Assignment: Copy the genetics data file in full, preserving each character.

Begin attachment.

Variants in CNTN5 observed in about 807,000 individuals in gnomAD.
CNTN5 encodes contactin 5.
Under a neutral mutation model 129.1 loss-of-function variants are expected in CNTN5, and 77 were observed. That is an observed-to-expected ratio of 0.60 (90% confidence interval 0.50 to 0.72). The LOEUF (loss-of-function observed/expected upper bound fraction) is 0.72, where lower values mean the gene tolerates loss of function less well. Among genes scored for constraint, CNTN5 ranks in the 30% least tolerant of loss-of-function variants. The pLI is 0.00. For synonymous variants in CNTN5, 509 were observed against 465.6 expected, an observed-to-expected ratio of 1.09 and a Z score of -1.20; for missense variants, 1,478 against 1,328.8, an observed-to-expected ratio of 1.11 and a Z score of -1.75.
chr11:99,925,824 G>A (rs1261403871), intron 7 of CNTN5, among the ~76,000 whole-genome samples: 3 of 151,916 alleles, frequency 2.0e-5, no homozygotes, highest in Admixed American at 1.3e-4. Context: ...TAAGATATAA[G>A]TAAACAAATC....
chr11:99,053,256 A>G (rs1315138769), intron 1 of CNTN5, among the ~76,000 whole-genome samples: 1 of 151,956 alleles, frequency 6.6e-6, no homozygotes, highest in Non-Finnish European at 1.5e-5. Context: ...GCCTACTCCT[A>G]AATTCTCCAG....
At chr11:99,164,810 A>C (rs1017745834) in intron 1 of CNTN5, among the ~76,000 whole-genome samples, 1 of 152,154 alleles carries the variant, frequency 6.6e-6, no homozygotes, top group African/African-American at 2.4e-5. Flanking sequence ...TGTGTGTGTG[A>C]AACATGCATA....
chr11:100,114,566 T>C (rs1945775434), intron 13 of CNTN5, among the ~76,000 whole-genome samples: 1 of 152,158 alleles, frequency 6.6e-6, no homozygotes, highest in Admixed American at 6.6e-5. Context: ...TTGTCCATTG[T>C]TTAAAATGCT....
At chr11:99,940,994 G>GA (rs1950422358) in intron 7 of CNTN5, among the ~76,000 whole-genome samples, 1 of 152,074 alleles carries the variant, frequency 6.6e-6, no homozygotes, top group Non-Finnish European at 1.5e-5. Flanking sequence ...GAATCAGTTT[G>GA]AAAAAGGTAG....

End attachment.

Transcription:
Variants in CNTN5 observed in about 807,000 individuals in gnomAD.
CNTN5 encodes contactin 5.
Under a neutral mutation model 129.1 loss-of-function variants are expected in CNTN5, and 77 were observed. That is an observed-to-expected ratio of 0.60 (90% confidence interval 0.50 to 0.72). The LOEUF (loss-of-function observed/expected upper bound fraction) is 0.72, where lower values mean the gene tolerates loss of function less well. Among genes scored for constraint, CNTN5 ranks in the 30% least tolerant of loss-of-function variants. The pLI is 0.00. For synonymous variants in CNTN5, 509 were observed against 465.6 expected, an observed-to-expected ratio of 1.09 and a Z score of -1.20; for missense variants, 1,478 against 1,328.8, an observed-to-expected ratio of 1.11 and a Z score of -1.75.
chr11:99,925,824 G>A (rs1261403871), intron 7 of CNTN5, among the ~76,000 whole-genome samples: 3 of 151,916 alleles, frequency 2.0e-5, no homozygotes, highest in Admixed American at 1.3e-4. Context: ...TAAGATATAA[G>A]TAAACAAATC....
chr11:99,053,256 A>G (rs1315138769), intron 1 of CNTN5, among the ~76,000 whole-genome samples: 1 of 151,956 alleles, frequency 6.6e-6, no homozygotes, highest in Non-Finnish European at 1.5e-5. Context: ...GCCTACTCCT[A>G]AATTCTCCAG....
At chr11:99,164,810 A>C (rs1017745834) in intron 1 of CNTN5, among the ~76,000 whole-genome samples, 1 of 152,154 alleles carries the variant, frequency 6.6e-6, no homozygotes, top group African/African-American at 2.4e-5. Flanking sequence ...TGTGTGTGTG[A>C]AACATGCATA....
chr11:100,114,566 T>C (rs1945775434), intron 13 of CNTN5, among the ~76,000 whole-genome samples: 1 of 152,158 alleles, frequency 6.6e-6, no homozygotes, highest in Admixed American at 6.6e-5. Context: ...TTGTCCATTG[T>C]TTAAAATGCT....
At chr11:99,940,994 G>GA (rs1950422358) in intron 7 of CNTN5, among the ~76,000 whole-genome samples, 1 of 152,074 alleles carries the variant, frequency 6.6e-6, no homozygotes, top group Non-Finnish European at 1.5e-5. Flanking sequence ...GAATCAGTTT[G>GA]AAAAAGGTAG....